Climate change, Environmental plunder

Mining and climate change: Aquino’s policy incoherence

The Aquino administration assures the public that it is proactively dealing with climate change but continues to promote programs like large-scale mining that aggravate the adverse impact of extreme weather events (Photo from

First published by The Philippine Online Chronicles

What caused the massive flooding in the provinces of Central and Northern Luzon, several of which remain submerged more than a week after  typhoons Pedring and Quiel left the country? Elderly village folks in affected areas swear that they have not seen such flooding before, that what happened was abnormal. For this, the catch-all explanation of the Department of Science and Technology (DOST) is climate change. “What we consider as abnormal we should now consider as normal,” its undersecretary was quoted as saying.

But the Aquino administration assures the public that it is proactively dealing with the issue of climate change. In fact, President Benigno S. Aquino III has made Climate Change Mitigation and Adaptation as one of the five Cabinet clusters that will implement his programs until 2016. In Aquino’s proposed 2012 budget, P36.2 billion is allocated for climate change adaptation and mitigation activities.

Priority area

Ironically, however, the Aquino administration also continues to promote programs that aggravate the vulnerability of the country to the adverse impact of climate change. One example is large-scale mining, which is among the priority areas of government’s Philippine Development Plan (PDP) 2011-2016. While the PDP talks about linking the mining industry to the domestic production of manufactured goods and industrial products, its ultimate goal is to double the sector’s exports by 2016.

The importance that Malacañang gives to the mining industry as among the sectors with the “highest growth potentials and generate the most jobs” explains its strong reaction to the simultaneous attacks on three mining firms in Surigao de Norte last Oct. 3 by the New People’s Army (NPA). The rebels cited the serious harm to the environment being inflicted by the large-scale mining operations in the province as one of the main reasons for staging the attacks.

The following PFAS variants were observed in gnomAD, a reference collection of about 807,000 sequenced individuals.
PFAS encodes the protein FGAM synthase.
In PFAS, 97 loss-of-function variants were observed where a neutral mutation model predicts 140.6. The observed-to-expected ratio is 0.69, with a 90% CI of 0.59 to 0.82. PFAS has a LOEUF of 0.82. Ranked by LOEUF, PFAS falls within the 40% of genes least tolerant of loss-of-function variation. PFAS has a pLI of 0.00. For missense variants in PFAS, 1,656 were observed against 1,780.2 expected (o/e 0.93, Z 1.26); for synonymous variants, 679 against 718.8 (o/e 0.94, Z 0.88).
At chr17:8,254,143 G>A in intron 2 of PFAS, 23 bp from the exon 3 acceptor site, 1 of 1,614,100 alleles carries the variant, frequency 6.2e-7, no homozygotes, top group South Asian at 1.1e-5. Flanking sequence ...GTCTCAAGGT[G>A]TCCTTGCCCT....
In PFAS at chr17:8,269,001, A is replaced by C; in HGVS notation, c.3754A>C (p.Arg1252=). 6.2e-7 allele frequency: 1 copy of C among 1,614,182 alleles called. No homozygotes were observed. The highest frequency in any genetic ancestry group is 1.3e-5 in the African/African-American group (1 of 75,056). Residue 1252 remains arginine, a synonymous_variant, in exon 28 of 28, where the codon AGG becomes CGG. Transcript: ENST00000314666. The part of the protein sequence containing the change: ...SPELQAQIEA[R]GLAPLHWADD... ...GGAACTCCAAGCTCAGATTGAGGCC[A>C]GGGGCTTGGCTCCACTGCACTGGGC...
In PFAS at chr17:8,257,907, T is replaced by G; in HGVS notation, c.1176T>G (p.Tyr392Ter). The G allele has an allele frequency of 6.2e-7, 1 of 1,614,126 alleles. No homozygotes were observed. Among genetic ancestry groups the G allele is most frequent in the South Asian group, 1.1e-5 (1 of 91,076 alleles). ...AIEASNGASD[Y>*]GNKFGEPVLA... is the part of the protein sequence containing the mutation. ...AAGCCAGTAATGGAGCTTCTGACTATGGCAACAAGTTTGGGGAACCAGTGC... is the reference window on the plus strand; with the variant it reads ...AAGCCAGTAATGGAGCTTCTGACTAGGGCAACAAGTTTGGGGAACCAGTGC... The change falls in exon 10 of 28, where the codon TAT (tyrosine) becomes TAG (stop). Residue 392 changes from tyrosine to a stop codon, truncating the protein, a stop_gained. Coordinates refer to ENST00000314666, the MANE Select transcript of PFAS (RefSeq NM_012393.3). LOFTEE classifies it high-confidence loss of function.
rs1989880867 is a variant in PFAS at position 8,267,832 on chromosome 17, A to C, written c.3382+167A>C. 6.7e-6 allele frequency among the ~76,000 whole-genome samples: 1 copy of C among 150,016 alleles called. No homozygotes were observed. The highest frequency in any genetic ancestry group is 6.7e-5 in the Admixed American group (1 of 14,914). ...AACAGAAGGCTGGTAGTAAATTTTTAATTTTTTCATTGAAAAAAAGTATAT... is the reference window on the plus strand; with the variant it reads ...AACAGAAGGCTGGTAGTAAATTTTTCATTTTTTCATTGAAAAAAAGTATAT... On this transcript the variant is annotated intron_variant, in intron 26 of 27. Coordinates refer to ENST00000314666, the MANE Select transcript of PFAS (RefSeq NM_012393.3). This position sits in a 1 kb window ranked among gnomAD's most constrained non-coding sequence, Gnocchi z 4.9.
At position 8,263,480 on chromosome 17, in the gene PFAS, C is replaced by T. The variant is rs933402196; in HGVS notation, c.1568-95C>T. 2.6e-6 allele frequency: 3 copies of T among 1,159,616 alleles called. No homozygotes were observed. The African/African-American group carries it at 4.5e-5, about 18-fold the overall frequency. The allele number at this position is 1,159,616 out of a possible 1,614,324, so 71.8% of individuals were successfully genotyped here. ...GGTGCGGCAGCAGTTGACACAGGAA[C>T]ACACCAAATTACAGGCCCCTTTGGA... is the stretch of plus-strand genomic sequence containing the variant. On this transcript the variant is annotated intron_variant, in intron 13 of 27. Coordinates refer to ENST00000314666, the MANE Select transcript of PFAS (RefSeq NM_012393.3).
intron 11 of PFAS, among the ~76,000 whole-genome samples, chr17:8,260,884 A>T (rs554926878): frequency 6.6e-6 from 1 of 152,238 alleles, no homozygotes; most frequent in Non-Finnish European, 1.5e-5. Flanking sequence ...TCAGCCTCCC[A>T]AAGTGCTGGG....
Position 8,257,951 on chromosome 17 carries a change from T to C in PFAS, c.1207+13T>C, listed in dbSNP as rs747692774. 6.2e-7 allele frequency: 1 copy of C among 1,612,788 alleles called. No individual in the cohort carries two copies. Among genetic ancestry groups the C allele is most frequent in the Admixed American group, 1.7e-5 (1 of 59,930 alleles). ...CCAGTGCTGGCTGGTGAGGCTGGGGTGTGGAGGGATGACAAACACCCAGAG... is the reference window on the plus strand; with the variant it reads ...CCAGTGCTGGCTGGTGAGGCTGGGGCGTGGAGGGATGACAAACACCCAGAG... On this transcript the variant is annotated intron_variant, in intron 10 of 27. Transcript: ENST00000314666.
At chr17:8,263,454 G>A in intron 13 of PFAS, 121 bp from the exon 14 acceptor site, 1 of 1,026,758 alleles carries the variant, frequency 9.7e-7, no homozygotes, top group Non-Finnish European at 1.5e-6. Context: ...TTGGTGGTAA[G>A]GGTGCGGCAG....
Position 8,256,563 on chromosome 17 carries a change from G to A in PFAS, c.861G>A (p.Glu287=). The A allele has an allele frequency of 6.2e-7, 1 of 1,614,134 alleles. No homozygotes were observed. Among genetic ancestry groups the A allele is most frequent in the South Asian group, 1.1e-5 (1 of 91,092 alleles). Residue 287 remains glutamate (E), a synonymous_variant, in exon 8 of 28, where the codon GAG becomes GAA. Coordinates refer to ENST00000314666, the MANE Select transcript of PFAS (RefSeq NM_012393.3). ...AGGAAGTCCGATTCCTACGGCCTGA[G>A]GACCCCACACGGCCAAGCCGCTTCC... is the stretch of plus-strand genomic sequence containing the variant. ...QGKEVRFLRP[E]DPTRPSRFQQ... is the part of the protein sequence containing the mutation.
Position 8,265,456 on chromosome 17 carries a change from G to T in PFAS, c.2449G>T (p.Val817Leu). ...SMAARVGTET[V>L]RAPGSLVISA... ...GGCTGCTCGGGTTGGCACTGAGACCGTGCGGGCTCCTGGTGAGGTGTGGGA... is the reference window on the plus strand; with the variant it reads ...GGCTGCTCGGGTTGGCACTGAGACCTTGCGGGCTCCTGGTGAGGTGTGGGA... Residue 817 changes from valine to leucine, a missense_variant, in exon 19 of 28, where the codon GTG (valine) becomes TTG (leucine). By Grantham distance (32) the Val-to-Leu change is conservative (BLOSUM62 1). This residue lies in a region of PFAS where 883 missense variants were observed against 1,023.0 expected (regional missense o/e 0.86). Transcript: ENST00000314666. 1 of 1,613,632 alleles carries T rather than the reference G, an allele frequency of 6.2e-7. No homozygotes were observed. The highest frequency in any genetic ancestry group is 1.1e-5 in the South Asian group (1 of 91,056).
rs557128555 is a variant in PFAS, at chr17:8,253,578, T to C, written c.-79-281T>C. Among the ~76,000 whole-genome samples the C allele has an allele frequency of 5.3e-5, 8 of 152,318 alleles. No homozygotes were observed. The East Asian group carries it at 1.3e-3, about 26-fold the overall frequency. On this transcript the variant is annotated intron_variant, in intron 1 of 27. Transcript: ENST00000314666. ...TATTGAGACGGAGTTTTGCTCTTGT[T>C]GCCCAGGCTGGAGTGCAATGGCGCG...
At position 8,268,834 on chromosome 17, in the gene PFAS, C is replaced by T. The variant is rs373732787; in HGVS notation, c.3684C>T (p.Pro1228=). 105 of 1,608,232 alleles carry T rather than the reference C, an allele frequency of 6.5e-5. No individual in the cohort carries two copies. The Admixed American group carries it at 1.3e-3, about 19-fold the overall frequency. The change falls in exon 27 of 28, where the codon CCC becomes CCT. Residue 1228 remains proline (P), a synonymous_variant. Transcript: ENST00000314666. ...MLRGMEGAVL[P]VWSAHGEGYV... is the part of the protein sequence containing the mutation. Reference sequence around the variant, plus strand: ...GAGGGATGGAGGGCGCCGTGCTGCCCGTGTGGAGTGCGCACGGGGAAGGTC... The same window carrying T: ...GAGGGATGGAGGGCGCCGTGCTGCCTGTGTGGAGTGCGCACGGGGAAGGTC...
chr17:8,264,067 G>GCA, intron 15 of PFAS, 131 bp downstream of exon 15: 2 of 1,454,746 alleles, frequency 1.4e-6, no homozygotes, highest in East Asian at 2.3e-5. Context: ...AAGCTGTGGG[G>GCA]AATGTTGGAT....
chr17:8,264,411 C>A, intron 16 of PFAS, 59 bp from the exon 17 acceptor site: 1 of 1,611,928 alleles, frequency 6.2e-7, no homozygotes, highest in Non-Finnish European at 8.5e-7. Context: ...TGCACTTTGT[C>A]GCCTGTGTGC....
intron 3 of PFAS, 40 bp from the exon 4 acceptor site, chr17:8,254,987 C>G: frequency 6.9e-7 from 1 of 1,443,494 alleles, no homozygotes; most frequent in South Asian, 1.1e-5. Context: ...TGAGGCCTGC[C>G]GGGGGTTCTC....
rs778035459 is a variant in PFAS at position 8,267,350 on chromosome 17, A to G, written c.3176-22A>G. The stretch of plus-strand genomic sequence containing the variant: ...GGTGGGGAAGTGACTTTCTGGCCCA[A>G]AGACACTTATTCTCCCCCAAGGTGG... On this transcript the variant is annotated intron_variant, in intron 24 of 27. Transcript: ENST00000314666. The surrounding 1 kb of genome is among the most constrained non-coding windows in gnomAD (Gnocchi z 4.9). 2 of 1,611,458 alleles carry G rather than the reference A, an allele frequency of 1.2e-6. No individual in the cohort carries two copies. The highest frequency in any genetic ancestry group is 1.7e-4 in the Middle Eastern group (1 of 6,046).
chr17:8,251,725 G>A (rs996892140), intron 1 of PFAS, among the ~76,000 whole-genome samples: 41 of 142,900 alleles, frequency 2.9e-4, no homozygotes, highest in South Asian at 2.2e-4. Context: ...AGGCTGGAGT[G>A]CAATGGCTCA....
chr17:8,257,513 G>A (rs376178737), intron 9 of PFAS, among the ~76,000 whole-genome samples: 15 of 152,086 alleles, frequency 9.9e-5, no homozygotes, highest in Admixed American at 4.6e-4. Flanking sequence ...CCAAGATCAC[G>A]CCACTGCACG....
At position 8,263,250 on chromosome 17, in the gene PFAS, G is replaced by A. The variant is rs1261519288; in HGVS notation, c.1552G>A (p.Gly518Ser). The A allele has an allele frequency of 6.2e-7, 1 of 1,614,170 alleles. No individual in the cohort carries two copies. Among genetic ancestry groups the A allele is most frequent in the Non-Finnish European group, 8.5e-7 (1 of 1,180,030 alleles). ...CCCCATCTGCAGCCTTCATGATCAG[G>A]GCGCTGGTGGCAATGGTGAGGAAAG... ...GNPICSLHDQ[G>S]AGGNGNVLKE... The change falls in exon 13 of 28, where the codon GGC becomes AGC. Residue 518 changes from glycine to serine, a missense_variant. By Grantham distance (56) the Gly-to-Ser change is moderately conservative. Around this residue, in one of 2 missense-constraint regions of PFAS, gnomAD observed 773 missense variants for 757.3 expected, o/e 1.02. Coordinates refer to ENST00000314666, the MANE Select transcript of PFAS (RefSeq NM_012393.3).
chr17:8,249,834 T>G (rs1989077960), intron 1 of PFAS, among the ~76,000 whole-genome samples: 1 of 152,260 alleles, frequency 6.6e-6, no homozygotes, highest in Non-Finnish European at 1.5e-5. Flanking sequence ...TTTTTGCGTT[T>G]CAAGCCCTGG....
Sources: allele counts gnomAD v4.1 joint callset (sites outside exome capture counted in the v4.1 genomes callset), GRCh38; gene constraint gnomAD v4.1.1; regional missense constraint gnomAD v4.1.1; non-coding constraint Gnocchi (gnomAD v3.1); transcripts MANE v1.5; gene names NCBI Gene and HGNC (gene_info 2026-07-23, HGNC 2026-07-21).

Massive deforestation

Mining contributes to both the cause and effect of climate change. The Philippines is considered one of the most mineralized countries in the world (third in gold, fourth in copper, fifth in nickel) due to its location along a belt of volcanoes in the Pacific. According to the Mines and Geosciences Bureau (MGB), an estimated “nine million hectares of the Philippine total land area of 30 million hectares are geologically prospective for metallic minerals”. But much of these areas lie underneath the country’s forests, which have to be cleared to extract the minerals, resulting to massive deforestation. It has been reported that the Philippines ranks number three in the world (behind Honduras and Nigeria) with the fastest deforestation rate. The Center for Environmental Concerns (CEC) Philippines, citing government data, said that the country’s forest cover is just about 18% of the total land area.

Together with corporate logging, large-scale mining is behind the significant deforestation in the country. The forest cover in the town of Claver in Surigao del Norte, where the target of the recent NPA offensive –Taganito Mining Corp. (TMC), Taganito HPAL Nickel Corp., and Platinum Group Metals Corp. (PGMC) are operating – is just one in a long list of forests denuded by large-scale mining. Generated through Google Maps, a satellite image of Claver where TMC operates shows a vast portion of the mountains in reddish hue, indicating massive deforestation.

A recent documentary by the GMA’s “Reporter’s Notebook” also presented the extent of environmental damage, including deforestation, caused by the mining operations in Claver as well as in Surigao del Sur. The GMA report said that the massive mining in Claver has almost leveled the mountains with the extracted minerals being exported to Australia, China, and Japan for processing.

Aggravating climate change

The clearing of forests is one of the factors behind global climate change as forests store huge amounts of carbon. According to the Greenpeace, “when forests are logged or burnt, that carbon is released into the atmosphere, increasing the amount of carbon dioxide and other greenhouse gases and accelerating the rate of climate change. So much carbon is released that they contribute up to one-fifth of global man-made emissions, more than the world’s entire transport sector.”

In the Reporter’s Notebook documentary on mining in Claver, reporter Jiggy Manicad noted the thick blanket of dust from the mining areas. Environmental advocacy group World Rainforest Movement (WRM) pointed out that this dust does not only pollute the air and causes serious health problems but also triggers a release of gases and toxic vapor, including “sulphur dioxide – responsible for acid rain – is produced because of metal treatment, and carbon dioxide and methane – two of the main greenhouse effect gases causing climate change – are also released, due to the burning of fossil fuels and the creation of artificial lakes for the hydroelectric dams, built to provide energy for the casting ovens and refineries.”